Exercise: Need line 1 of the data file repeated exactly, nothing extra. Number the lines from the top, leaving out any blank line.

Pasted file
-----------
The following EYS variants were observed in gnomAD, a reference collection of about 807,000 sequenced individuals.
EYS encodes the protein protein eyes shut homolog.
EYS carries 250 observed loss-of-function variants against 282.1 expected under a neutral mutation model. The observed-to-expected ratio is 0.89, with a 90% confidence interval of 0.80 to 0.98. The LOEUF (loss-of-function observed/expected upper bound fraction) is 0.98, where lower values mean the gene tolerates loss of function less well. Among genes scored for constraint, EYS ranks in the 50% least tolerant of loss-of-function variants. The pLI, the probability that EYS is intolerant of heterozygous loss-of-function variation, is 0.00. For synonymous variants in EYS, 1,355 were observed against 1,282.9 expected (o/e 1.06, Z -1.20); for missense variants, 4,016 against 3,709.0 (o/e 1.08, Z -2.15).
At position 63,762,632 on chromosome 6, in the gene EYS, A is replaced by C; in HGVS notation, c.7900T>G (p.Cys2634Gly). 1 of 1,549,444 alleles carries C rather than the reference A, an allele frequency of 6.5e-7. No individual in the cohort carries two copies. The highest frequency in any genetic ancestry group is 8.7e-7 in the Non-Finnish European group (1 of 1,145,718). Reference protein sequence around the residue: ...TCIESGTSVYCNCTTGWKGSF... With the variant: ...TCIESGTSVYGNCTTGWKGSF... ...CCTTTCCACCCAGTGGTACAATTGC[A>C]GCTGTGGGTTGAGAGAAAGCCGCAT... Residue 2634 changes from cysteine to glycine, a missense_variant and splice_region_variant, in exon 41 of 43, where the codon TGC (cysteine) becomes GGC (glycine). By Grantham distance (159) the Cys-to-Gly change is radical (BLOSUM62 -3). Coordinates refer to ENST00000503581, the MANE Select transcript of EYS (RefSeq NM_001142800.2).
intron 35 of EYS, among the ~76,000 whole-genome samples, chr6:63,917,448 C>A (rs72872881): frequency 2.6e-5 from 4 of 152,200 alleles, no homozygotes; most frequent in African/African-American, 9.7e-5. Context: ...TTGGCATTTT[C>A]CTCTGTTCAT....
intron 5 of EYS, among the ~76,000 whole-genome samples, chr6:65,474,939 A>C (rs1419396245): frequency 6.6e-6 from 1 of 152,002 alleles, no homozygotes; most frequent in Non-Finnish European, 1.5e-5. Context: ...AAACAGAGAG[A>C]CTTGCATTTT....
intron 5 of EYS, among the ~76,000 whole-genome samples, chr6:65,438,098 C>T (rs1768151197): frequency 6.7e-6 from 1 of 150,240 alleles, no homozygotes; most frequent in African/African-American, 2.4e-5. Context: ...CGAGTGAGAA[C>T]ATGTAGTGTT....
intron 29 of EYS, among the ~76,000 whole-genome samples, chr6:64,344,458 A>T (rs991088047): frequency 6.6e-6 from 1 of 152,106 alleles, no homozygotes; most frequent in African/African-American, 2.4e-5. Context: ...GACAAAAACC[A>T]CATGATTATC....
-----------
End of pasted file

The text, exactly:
The following EYS variants were observed in gnomAD, a reference collection of about 807,000 sequenced individuals.